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The Origin and Formation of 3-MCPD in Foods and Food Ingredients
Project Code: C03017
Central Science Laboratory
The principal objectives of this project were:
Determine the kinetics of 2- and 3-MCPD production and breakdown in model systems
Determine the factors affecting the formation of 3-MCPD during the roasting of cereal grains and also of other roasted foods such as coffee,
Determine the factors affecting the formation and stability of 2-and 3-MCPD in model and whole doughs during the baking process.
Determine the factors affecting the production of 3-MCPD in a number of meat products, salted fish and cheese products identified as containing detectable levels of 3-MCPD in the recent FSA funded surveillance exercise.
The following were the key findings:
- Cooked Meat Products and Roasted coffee - MCPD formation is not a major issue
- Baked Cereal Products - Precursors identified and options identified for controlling levels
- MCPD-esters - have been confirmed in a range of foods and both 2 and 3-MCPD can be released from these by some lipases and by toasting in bread
- Malts - An optimised temperature / time regime for reducing 2 and 3-MCPD levels whilst maintaining desirable colour formation
- Production of 2 and 3-MCPD in water + emulsifier + salt + lipid model systems suggested that in a low water (<15%) environment glycerol was the major precursor during high temperature processing while in higher water content models lecithin became a more significant precursor.
- Commercial emulsifiers, based on partial glycerides, acted as precursors with efficiencies similar to triglycerides / phospholipids (on a weight basis)
- 3-MCPD was unstable at neutral and alkali pH, unlike 2-MCPD, which remained as the predominant chloropropanol in neutral or alkali treated foods.
- The addition of reducing agents such as glutathione and cysteine at ~0.07 % (w/w) were effective at limiting both 2 and 3-MCPD production in water + emulsifier + salt + lipid model systems
- Adjustment of temperature/time profiles (lower temperature for longer time) was identified as a potential option for lowering 3-MCPD in dry roast malts. However, when this was investigated it was found to be unreliable in practice.
- Higher temperatures (which would increase degradation of 3-MCPD) are not commercially feasible because of the danger of fire.
- A feasible approach to control 2 and 3-MCPD concentrations in dry roast products is to limit the residence time at the highest temperatures as far as is consistent with achieving the desired colour specifications.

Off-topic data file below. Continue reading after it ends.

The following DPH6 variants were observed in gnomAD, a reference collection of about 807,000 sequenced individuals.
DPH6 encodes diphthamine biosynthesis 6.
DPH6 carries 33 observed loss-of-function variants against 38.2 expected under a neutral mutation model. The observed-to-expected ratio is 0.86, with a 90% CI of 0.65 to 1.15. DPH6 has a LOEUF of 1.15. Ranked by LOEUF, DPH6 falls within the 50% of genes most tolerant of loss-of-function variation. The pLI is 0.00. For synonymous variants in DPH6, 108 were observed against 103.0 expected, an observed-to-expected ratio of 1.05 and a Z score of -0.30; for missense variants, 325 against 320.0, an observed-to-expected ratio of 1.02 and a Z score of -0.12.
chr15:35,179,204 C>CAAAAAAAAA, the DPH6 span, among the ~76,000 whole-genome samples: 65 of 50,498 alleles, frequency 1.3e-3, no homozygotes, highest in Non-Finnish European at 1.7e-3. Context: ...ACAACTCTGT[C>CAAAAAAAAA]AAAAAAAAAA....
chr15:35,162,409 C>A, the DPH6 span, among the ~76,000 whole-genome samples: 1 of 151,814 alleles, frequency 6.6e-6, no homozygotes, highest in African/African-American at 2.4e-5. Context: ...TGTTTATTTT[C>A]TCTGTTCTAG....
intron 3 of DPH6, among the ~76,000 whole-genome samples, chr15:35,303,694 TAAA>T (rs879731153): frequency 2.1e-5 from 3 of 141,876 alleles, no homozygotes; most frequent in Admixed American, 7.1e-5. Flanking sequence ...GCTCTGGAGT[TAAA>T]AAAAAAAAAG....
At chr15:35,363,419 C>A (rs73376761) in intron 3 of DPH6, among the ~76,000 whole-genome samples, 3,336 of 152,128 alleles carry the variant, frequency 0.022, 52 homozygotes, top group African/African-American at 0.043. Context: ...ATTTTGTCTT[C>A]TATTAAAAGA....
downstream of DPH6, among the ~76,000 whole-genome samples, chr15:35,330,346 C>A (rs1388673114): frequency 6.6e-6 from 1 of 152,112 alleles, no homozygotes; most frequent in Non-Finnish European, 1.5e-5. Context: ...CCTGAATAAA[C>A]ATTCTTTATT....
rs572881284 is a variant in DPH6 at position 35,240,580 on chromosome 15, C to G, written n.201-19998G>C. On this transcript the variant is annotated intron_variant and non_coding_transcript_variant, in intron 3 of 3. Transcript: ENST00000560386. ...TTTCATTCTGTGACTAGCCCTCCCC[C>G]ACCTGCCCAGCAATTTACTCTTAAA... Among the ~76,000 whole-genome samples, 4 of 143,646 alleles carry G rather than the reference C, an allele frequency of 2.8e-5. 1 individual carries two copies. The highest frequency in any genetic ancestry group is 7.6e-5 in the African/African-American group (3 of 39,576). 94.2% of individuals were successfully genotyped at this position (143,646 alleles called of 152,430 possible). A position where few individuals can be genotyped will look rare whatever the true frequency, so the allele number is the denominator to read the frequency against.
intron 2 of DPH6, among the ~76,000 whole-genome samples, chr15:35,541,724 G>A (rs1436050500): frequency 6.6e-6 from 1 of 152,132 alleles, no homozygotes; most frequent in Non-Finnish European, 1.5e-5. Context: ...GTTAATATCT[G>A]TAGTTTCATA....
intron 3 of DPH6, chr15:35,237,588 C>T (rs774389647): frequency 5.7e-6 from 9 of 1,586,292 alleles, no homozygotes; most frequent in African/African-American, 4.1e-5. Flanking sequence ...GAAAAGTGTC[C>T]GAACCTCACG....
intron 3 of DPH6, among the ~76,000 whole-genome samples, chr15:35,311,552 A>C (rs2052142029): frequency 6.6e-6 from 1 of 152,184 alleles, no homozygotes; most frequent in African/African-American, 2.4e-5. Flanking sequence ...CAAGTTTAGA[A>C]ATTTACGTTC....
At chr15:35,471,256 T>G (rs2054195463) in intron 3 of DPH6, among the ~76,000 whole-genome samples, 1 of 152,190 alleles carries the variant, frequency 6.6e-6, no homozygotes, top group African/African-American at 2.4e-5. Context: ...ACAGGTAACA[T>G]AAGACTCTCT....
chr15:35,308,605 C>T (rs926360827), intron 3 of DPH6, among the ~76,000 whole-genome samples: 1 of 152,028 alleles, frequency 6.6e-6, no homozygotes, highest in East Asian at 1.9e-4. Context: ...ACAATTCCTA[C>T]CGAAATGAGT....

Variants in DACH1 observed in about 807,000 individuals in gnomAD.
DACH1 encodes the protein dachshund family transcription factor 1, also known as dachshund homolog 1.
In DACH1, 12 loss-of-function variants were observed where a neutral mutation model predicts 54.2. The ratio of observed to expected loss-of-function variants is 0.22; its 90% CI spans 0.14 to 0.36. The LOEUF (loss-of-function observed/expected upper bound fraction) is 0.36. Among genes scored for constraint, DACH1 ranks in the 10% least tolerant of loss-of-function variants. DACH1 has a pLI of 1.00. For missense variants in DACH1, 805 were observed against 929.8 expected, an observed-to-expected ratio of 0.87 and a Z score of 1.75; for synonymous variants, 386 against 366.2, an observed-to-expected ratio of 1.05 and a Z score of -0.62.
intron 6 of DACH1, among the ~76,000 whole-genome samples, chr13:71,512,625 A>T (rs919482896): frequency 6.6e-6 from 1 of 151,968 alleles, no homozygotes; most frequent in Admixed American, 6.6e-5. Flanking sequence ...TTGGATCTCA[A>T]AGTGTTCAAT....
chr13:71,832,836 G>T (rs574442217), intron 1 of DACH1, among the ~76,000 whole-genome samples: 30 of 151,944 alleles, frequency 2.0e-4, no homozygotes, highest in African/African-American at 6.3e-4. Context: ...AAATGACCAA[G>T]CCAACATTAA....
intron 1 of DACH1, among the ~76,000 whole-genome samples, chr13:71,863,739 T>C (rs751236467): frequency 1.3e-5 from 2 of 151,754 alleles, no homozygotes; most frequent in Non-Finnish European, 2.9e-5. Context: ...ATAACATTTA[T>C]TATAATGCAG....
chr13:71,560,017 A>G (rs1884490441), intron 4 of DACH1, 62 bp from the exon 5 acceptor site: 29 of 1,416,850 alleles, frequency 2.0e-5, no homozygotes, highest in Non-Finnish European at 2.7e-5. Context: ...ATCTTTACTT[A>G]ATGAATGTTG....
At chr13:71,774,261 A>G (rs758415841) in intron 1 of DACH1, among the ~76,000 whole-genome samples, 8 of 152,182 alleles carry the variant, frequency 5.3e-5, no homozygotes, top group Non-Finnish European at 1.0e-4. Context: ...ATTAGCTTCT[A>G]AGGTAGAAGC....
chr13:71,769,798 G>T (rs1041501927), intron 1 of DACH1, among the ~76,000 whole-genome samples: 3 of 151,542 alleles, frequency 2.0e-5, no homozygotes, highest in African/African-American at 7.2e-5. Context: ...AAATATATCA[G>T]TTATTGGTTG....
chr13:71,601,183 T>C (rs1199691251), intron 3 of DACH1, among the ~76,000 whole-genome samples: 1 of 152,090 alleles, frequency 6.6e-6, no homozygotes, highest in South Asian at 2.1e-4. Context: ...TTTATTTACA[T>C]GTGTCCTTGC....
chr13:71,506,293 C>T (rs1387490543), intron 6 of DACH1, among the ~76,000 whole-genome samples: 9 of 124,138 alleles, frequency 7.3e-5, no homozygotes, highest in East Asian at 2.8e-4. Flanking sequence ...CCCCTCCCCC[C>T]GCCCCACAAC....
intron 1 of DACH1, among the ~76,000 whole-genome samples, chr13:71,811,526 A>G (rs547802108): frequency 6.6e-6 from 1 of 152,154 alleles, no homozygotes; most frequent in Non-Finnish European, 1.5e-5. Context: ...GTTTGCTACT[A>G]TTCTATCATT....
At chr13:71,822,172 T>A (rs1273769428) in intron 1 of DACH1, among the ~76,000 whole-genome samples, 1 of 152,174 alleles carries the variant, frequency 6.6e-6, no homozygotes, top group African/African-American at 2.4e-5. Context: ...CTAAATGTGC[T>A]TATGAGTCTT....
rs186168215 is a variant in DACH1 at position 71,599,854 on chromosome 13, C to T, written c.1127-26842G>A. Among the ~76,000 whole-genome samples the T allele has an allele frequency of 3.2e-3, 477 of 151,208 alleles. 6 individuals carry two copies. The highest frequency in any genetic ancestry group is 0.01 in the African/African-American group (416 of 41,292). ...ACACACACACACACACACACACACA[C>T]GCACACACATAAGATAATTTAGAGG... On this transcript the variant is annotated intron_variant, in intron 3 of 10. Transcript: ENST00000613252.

- Comparison of current 3-MCPD concentrations with those in similar products produced 5 years ago suggests that limited residence time at high temperature is being used successfully in commercial manufacture.
- Levels of 3-MCPD in commercial wet roast products are generally relatively low. Experimental results indicate that the temperatures already used in commercial production are likely to give the lowest levels of 3-MCPD.
- Any further manipulation of temperature/time profiles would need to take into consideration any consequential effects on acrylamide concentrations as well as effects on commercially important specifications for colour and flavour.
Baked cereal products
- Glycerol (from yeast) and added chloride are the major precursors of MCPD's in leavened dough products.
- Minor precursors in dough were monoglycerides, lysophospholipids, and phosphatidylglycerols present in wheat together with DATEM, present in flour improvers.
- Added glucose or short chain organic acids promoted the formation of 3-MCPD in an apparent 'catalytic' way
- The physical states of the matrix, i.e. glass, rubber, gel, did not affect the production of 3- MCPD in dough.
- Differences between the lipid composition of germ in wheat and barley may account for some of the observed differences in 3-MCPD production between these two cereals.
- It was shown that both 2 and 3-MPCD could be released from MCPD-esters, identified in bread crust and toasted bread, following treatment with a commercial lipase from Aspergillus oryzae.
- Oil extracted from savoury crackers was shown to contain high levels of esterified 3-MCPD (>100 times the amount of free 3-MCPD) which is a potential source of free 3-MCPD during cracker production / storage.
Meat dairy and smoked products
- Salami fat also contained significant amounts of esterified 3-MCPD although no evidence could be found to show that the action of lipases, present in the spices, bacterial culture, and endogenous to the meat were responsible for the increase in free 3-MCPD during storage.
- Obvious precursors of 3-MCPD production in processed cheese could not be identified. Migration of 3-MCPD from packaging material is a possibility for some cheeses and salami and the release of 3-MCPD from esters by endogenous lipase activity during storage cannot be ruled out.
- Detection of high levels of 3-MCPD in burgers, seen in the FSA survey, could not be repeated with new samples from the same suppliers or in-house burgers. The addition of HVP, or release of glycerol by lipase activity during storage of the uncooked burger could account for the levels observed in the FSA survey.
- Formation of 3-MCPD in smoked fish was shown to be directly proportional to both salt concentration in the flesh and smoking time.
- For salted anchovies 3-MCPD formation was predominantly seen after curing, once the fish had been filleted, suggesting that storage time may be important.
- Studies on roasted and green coffee aqueous extracts suggest that a number of both high and low molecular mass components in coffee are capable of destroying 3-MCPD in model cereal systems
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